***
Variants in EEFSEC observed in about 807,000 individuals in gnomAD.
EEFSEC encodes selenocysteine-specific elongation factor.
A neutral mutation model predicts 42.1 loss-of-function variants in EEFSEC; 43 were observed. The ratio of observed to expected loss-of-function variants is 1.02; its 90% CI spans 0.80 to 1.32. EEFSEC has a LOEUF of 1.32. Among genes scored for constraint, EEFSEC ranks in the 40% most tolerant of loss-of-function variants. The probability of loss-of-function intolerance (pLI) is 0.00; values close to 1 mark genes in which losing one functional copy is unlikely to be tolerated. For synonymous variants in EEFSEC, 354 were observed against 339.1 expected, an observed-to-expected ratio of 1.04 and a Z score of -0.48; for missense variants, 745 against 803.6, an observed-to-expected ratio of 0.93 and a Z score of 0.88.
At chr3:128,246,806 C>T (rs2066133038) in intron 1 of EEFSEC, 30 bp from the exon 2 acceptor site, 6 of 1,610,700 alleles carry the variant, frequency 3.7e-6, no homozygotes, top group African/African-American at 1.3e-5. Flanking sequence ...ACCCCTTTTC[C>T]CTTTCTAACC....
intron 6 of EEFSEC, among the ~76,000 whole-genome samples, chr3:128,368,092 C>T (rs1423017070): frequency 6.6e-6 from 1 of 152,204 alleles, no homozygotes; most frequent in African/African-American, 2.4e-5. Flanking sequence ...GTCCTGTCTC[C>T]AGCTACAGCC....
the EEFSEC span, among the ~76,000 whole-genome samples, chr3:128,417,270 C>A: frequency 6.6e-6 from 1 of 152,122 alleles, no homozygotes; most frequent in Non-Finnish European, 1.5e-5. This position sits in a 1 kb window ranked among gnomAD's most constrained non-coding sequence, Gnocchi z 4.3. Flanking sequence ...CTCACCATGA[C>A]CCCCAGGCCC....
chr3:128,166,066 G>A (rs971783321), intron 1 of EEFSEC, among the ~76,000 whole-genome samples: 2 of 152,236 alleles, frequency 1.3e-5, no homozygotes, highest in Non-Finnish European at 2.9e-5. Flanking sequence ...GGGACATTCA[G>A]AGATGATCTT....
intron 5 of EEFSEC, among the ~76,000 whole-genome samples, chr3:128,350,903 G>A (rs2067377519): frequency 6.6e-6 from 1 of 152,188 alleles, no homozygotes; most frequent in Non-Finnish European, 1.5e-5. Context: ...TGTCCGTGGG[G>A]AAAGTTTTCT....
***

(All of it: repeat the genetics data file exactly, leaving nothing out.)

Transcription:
Variants in EEFSEC observed in about 807,000 individuals in gnomAD.
EEFSEC encodes selenocysteine-specific elongation factor.
A neutral mutation model predicts 42.1 loss-of-function variants in EEFSEC; 43 were observed. The ratio of observed to expected loss-of-function variants is 1.02; its 90% CI spans 0.80 to 1.32. EEFSEC has a LOEUF of 1.32. Among genes scored for constraint, EEFSEC ranks in the 40% most tolerant of loss-of-function variants. The probability of loss-of-function intolerance (pLI) is 0.00; values close to 1 mark genes in which losing one functional copy is unlikely to be tolerated. For synonymous variants in EEFSEC, 354 were observed against 339.1 expected, an observed-to-expected ratio of 1.04 and a Z score of -0.48; for missense variants, 745 against 803.6, an observed-to-expected ratio of 0.93 and a Z score of 0.88.
At chr3:128,246,806 C>T (rs2066133038) in intron 1 of EEFSEC, 30 bp from the exon 2 acceptor site, 6 of 1,610,700 alleles carry the variant, frequency 3.7e-6, no homozygotes, top group African/African-American at 1.3e-5. Flanking sequence ...ACCCCTTTTC[C>T]CTTTCTAACC....
intron 6 of EEFSEC, among the ~76,000 whole-genome samples, chr3:128,368,092 C>T (rs1423017070): frequency 6.6e-6 from 1 of 152,204 alleles, no homozygotes; most frequent in African/African-American, 2.4e-5. Flanking sequence ...GTCCTGTCTC[C>T]AGCTACAGCC....
the EEFSEC span, among the ~76,000 whole-genome samples, chr3:128,417,270 C>A: frequency 6.6e-6 from 1 of 152,122 alleles, no homozygotes; most frequent in Non-Finnish European, 1.5e-5. This position sits in a 1 kb window ranked among gnomAD's most constrained non-coding sequence, Gnocchi z 4.3. Flanking sequence ...CTCACCATGA[C>A]CCCCAGGCCC....
chr3:128,166,066 G>A (rs971783321), intron 1 of EEFSEC, among the ~76,000 whole-genome samples: 2 of 152,236 alleles, frequency 1.3e-5, no homozygotes, highest in Non-Finnish European at 2.9e-5. Flanking sequence ...GGGACATTCA[G>A]AGATGATCTT....
intron 5 of EEFSEC, among the ~76,000 whole-genome samples, chr3:128,350,903 G>A (rs2067377519): frequency 6.6e-6 from 1 of 152,188 alleles, no homozygotes; most frequent in Non-Finnish European, 1.5e-5. Context: ...TGTCCGTGGG[G>A]AAAGTTTTCT....